Following the water course back to its source, through thick woods and waterside paths, you find St.Nectan's Kieve, an enchanted wood if ever we saw one.
Saint Nectan's Kieve (Cornish: Cuva Nathan, meaning Nathan's tub)
A saintly bath awaits…
The kieve was buzzing with life, watered constantly by the river, which erupts from the earth via a 60foot waterfall, a powerful force that has carved the valley over millions of years. Legend has it, that St.Nectan lived on the rocky island-like outcrop, in a cave to the side of the waterfall, around 600AD. There's also rumour that a Celtic Chapel once existed at the top of the falls, later becoming known as the Hermitage. It's easy to imagine why a chapel or important religious centre would be placed here. Yes, it's mightily treacherous during storms (St.Nectans if a few miles from Boscastle, see news video for the floods of 2004 - https://www.youtube.com/watch?v=SxweiRNlHboBoscastle Floods ) but those early chapel builders liked a challenge and the impossible nature of the builds is often what made them so popular as a pilgrimage, very much like Looe Island, Glastonbury Tor, St.Michael's Mount or Rame Head. Those early pilgrims liked a bit of precarious jaunting, to test their faith, but there was also security and defence to consider, the Vikings and Saxons were a threat, even in the wilds of Cornwall.
The waterfall is spectacular, pouring from the cave-like crack in the earth, leaving a series of 'bell bowl' basins in it's wake, or 'tubs', hence 'Nathan's Tub'. These are naturally round pools, formed by the crashing water. Eventually, the water erodes enough to continue on, free of the pool, pouring over the side to form another 'bell bowl', and another, all the way down the hill, to Rocky Valley, and the old mill. The same flow of water once powered Trewethet Mill, via an ingenious series of stones tunnels and canals, built into the natural shapes of the valley. It's an ancient spot, the abundance of clear, beautifully fresh water would have been like electricity is today; we can't do much without it, neither can our machines.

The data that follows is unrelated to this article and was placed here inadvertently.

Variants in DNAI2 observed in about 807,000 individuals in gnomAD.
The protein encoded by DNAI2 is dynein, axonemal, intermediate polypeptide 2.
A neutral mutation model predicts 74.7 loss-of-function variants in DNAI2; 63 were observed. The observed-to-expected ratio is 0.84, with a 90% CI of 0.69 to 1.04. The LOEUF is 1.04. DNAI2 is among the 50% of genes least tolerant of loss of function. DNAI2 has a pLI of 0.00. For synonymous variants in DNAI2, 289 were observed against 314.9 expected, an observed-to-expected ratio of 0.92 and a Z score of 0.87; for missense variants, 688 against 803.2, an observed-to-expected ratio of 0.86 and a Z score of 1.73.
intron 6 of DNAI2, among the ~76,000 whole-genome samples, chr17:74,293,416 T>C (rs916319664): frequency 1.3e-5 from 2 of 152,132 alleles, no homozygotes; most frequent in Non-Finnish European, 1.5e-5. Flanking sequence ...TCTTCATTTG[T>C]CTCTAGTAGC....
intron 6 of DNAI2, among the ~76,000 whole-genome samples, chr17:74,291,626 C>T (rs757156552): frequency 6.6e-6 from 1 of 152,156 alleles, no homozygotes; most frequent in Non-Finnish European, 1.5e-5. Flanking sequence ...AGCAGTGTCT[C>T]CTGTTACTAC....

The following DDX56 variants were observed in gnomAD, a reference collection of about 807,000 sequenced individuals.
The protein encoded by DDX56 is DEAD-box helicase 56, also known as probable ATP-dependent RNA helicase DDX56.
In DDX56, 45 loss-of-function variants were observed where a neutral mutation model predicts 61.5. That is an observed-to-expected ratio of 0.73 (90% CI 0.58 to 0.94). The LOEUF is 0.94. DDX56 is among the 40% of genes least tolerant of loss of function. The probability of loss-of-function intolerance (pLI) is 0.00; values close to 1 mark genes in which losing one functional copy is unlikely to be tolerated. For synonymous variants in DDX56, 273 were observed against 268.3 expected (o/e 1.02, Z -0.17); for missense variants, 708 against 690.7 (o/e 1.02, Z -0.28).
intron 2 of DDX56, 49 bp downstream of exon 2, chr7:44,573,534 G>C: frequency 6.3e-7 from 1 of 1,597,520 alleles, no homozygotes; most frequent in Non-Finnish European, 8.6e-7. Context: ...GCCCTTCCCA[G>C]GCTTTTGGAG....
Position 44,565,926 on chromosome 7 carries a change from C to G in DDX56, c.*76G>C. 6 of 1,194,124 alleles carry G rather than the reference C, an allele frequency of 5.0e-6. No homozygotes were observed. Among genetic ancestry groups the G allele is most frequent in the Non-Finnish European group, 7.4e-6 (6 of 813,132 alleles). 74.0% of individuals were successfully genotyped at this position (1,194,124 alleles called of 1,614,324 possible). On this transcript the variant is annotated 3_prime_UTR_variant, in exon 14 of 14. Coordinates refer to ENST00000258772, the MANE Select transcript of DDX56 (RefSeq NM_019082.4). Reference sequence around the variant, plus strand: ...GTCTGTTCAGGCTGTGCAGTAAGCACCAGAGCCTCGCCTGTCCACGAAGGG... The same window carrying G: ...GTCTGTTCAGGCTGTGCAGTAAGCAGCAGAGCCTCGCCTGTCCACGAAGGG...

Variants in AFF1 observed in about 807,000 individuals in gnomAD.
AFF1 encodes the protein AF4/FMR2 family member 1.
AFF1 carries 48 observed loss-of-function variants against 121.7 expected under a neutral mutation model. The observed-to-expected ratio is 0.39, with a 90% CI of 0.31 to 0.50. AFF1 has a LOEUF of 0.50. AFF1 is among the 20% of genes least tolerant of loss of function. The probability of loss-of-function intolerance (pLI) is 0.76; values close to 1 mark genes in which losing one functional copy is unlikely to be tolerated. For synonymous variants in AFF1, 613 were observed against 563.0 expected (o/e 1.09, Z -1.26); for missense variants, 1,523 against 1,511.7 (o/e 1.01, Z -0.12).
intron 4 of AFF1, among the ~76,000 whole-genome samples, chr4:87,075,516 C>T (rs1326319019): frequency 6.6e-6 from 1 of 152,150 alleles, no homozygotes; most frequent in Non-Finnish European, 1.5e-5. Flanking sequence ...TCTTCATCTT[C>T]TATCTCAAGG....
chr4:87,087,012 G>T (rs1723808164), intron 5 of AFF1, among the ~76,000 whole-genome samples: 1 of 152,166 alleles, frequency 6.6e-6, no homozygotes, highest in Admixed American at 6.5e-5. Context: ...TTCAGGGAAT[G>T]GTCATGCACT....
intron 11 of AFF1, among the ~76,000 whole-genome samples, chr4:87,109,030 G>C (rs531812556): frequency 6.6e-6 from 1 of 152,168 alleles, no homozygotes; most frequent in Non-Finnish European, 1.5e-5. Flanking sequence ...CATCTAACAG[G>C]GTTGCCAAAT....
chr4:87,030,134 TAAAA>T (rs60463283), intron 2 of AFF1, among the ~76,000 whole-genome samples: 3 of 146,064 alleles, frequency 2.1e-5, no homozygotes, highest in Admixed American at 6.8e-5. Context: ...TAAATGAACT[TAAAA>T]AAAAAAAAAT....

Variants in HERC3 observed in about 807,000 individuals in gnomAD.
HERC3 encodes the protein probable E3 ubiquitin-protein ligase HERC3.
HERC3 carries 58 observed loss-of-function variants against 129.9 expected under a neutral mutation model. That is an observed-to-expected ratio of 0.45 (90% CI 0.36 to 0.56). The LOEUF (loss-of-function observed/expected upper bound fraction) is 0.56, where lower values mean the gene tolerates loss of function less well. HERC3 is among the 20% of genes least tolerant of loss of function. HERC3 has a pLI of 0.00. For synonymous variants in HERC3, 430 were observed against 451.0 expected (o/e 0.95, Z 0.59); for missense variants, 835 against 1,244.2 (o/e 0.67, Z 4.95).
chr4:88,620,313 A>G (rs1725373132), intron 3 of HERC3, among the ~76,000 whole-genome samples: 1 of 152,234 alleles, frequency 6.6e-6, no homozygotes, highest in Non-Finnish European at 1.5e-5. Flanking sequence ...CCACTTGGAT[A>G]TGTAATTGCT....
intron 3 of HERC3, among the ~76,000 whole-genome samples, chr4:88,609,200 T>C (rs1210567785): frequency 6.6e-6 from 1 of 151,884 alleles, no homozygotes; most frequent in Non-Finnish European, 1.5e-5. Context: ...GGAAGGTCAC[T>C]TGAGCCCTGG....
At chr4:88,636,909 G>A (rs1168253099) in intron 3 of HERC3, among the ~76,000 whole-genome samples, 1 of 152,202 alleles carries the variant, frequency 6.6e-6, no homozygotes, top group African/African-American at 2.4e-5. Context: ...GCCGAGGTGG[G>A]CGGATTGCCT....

Water is god here, it is the force that made the valley, and provides essential moisture to everything that lives here.
It has created a microcosm, a green place teeming with life… and pagans. The rituals and signs of wiccan worship are obvious, with stone cairns, offerings and ribbons everywhere to see. Some are prayers, good will wishes, sad memorials and reminders to others, of their visit. A bit like a pagan pilgrimage.
Everywhere you look, there are stones piles (very obvious), hidden in cracks and crevices, or perched precariously in the stream, or on high rock ledges. In such a wild place, these little signs of mans presence reminded us all of the tribal 'trackers' of old, highly skilled hunters who orientated the wild world by observing signs and markers. Piles of cairns, like the ones observed, could have been a boundary warning, or maybe a place of worship? The fact that the stones get tumbled by water or weather, also reminds me of the ethnic sand drawings, where much effort is made in the construction, a cathartic and calming process, only to then 'destroy' the creation to finish the meditation.
|Coppers and coins in an old tree trunk, St.Nectans Glen|
There's also an old tree trunk, embedded with coins (copper and tin, often taken from the Cornish landscape in times gone by), creating what can only be described as Dragon Skin, a scaly metallic surface. We added our own coins, obviously! How does something like this start? After knocking in our pennies, we came to the conclusion that it would take a couple of coins to encourage more, and more, till the whole thing is neatly and evenly covered in metal. We are a funny species!
Next up, we made one last stop: My favourite, Golitha Falls